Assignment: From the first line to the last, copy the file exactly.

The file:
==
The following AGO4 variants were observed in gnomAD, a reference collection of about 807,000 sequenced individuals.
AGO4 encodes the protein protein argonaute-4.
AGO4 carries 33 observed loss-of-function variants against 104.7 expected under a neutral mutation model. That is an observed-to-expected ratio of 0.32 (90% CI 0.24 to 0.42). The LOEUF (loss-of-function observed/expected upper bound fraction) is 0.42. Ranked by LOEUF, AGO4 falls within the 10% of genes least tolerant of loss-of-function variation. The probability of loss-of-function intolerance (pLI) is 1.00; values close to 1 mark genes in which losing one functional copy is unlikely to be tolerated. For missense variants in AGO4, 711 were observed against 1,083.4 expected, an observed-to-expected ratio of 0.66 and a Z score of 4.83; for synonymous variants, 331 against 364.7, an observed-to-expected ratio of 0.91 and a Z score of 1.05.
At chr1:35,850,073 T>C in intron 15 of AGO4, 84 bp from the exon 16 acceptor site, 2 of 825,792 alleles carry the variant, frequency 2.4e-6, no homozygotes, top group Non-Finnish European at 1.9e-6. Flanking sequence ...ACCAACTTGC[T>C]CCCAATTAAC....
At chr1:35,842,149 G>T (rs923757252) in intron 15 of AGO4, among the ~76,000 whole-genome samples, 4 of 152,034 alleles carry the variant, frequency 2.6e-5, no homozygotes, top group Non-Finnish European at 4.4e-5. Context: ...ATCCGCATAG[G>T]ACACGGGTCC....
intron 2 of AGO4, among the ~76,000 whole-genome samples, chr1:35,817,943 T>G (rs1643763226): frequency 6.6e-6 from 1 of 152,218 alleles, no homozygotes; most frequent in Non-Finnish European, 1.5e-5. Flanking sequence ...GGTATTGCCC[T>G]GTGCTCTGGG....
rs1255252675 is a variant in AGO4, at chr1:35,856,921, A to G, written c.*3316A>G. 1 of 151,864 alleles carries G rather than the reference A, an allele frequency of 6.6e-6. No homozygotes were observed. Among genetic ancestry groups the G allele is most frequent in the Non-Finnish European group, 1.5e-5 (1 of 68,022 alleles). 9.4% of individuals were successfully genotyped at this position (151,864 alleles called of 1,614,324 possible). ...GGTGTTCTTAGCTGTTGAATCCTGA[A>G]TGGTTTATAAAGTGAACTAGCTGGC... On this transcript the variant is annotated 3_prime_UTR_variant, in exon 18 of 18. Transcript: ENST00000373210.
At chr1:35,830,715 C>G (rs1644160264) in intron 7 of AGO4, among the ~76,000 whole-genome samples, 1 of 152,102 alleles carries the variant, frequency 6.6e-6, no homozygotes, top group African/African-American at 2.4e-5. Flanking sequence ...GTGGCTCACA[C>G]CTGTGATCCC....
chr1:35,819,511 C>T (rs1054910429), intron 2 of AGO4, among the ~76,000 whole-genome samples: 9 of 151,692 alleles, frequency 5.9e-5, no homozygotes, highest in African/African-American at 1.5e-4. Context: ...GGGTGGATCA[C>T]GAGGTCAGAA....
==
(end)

The following AGO4 variants were observed in gnomAD, a reference collection of about 807,000 sequenced individuals.
AGO4 encodes the protein protein argonaute-4.
AGO4 carries 33 observed loss-of-function variants against 104.7 expected under a neutral mutation model. That is an observed-to-expected ratio of 0.32 (90% CI 0.24 to 0.42). The LOEUF (loss-of-function observed/expected upper bound fraction) is 0.42. Ranked by LOEUF, AGO4 falls within the 10% of genes least tolerant of loss-of-function variation. The probability of loss-of-function intolerance (pLI) is 1.00; values close to 1 mark genes in which losing one functional copy is unlikely to be tolerated. For missense variants in AGO4, 711 were observed against 1,083.4 expected, an observed-to-expected ratio of 0.66 and a Z score of 4.83; for synonymous variants, 331 against 364.7, an observed-to-expected ratio of 0.91 and a Z score of 1.05.
At chr1:35,850,073 T>C in intron 15 of AGO4, 84 bp from the exon 16 acceptor site, 2 of 825,792 alleles carry the variant, frequency 2.4e-6, no homozygotes, top group Non-Finnish European at 1.9e-6. Flanking sequence ...ACCAACTTGC[T>C]CCCAATTAAC....
At chr1:35,842,149 G>T (rs923757252) in intron 15 of AGO4, among the ~76,000 whole-genome samples, 4 of 152,034 alleles carry the variant, frequency 2.6e-5, no homozygotes, top group Non-Finnish European at 4.4e-5. Context: ...ATCCGCATAG[G>T]ACACGGGTCC....
intron 2 of AGO4, among the ~76,000 whole-genome samples, chr1:35,817,943 T>G (rs1643763226): frequency 6.6e-6 from 1 of 152,218 alleles, no homozygotes; most frequent in Non-Finnish European, 1.5e-5. Flanking sequence ...GGTATTGCCC[T>G]GTGCTCTGGG....
rs1255252675 is a variant in AGO4, at chr1:35,856,921, A to G, written c.*3316A>G. 1 of 151,864 alleles carries G rather than the reference A, an allele frequency of 6.6e-6. No homozygotes were observed. Among genetic ancestry groups the G allele is most frequent in the Non-Finnish European group, 1.5e-5 (1 of 68,022 alleles). 9.4% of individuals were successfully genotyped at this position (151,864 alleles called of 1,614,324 possible). ...GGTGTTCTTAGCTGTTGAATCCTGA[A>G]TGGTTTATAAAGTGAACTAGCTGGC... On this transcript the variant is annotated 3_prime_UTR_variant, in exon 18 of 18. Transcript: ENST00000373210.
At chr1:35,830,715 C>G (rs1644160264) in intron 7 of AGO4, among the ~76,000 whole-genome samples, 1 of 152,102 alleles carries the variant, frequency 6.6e-6, no homozygotes, top group African/African-American at 2.4e-5. Flanking sequence ...GTGGCTCACA[C>G]CTGTGATCCC....
chr1:35,819,511 C>T (rs1054910429), intron 2 of AGO4, among the ~76,000 whole-genome samples: 9 of 151,692 alleles, frequency 5.9e-5, no homozygotes, highest in African/African-American at 1.5e-4. Context: ...GGGTGGATCA[C>T]GAGGTCAGAA....